Pavlov’s anti-poaching bill unanimously passes the Senate

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LANSING, Mich.— Legislation to toughen penalties for illegally killing a protected animal or trophy buck in the state of Michigan passed the Michigan Senate unanimously with bipartisan support on Thursday.

“This is good news for Michigan sportsmen and the deer herd. Some of the very best bucks are being illegally shot at night under a spotlight in the crosshairs of a scope,” said Pavlov, R-St. Clair Township, vice chair of the Senate Committee on Natural Resources, Environment and Great Lakes. “We want to make sure to protect our wild resources so all hunters can enjoy what Pure Michigan has to offer for generations to come.”

Senate Bills 1340, sponsored by Pavlov, and 1341, sponsored by Sen. Tom Casperson, R-Escanaba, would increase existing fines for illegally killing a protected animal and impose additional penalties for poaching trophy bucks. The new measures are consistent with policies in neighboring states.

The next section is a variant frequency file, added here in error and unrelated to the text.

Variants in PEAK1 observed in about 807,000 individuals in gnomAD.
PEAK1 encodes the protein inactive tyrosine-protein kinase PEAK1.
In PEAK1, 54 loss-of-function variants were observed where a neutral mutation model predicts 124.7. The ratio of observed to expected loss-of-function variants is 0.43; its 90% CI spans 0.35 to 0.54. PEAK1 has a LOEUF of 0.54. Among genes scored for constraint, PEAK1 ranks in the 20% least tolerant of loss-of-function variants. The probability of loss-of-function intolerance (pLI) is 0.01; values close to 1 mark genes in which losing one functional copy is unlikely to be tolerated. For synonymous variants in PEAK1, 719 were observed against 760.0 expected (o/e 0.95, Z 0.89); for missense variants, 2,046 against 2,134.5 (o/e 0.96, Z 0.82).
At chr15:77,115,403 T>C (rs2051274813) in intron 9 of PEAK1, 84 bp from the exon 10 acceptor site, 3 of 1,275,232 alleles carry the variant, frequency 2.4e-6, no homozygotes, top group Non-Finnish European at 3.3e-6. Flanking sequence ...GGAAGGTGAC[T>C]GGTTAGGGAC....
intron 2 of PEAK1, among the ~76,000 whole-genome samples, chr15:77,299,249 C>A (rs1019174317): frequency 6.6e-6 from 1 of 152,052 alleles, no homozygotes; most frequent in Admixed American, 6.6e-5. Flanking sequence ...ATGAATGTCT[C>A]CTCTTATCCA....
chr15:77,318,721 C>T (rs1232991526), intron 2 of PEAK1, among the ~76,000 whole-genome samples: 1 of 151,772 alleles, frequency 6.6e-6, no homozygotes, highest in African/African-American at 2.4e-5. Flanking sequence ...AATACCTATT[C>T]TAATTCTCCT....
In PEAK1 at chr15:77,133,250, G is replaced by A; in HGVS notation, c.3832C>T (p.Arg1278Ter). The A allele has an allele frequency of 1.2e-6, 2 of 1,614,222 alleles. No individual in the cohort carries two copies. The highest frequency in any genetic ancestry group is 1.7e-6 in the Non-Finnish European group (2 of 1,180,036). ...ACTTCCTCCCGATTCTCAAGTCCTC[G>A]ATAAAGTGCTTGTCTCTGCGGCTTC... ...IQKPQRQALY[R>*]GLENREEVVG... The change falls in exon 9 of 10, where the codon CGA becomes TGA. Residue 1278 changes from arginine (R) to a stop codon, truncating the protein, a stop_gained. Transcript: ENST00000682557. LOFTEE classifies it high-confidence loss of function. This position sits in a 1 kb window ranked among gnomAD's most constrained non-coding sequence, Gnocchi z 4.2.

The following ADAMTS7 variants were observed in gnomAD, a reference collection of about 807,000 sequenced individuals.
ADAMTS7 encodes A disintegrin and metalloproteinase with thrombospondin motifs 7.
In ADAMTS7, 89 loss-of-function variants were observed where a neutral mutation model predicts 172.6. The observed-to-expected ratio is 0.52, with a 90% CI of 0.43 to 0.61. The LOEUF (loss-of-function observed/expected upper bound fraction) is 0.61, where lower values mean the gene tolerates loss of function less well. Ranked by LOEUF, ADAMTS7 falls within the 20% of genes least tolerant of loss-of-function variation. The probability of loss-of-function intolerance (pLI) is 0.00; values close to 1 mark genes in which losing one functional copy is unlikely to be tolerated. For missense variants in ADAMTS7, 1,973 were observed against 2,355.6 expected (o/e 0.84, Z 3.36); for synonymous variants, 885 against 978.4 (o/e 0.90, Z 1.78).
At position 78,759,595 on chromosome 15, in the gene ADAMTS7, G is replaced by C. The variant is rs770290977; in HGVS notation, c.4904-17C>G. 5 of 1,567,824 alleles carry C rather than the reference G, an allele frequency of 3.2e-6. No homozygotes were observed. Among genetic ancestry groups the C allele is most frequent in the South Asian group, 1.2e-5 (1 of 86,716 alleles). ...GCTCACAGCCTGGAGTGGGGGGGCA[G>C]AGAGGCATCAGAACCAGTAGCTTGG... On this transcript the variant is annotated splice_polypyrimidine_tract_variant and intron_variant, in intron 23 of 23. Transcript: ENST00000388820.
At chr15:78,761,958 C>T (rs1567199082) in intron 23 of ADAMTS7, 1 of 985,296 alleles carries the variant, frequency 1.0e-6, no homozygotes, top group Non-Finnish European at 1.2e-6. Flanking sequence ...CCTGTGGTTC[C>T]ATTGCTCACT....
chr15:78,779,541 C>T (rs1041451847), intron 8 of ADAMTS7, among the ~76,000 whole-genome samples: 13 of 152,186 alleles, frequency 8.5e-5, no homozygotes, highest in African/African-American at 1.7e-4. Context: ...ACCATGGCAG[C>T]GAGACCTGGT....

Under the proposed laws, the Michigan Department of Natural Resources would use the “Boone and Crockett” scoring standard to assess an additional level of restitution when a trophy buck is taken illegally. The score is based on gross size of the antler measurement and is already used by other states, including Ohio, Pennsylvania and Texas.

Offenders would be subject to a fine of up to $1,000 per deer, additional restitution based on antler size, possible misdemeanor fines and up to 90 days in jail. In addition, offenders would have their hunting privileges revoked for the remainder of the year in which they were convicted and five subsequent years for the first offense and up to ten years for the second. Fines would be deposited into the state’s Game and Fish Protection Fund.

The bills now head to the House Committee on Natural Resources, Tourism, and Outdoor Recreation.

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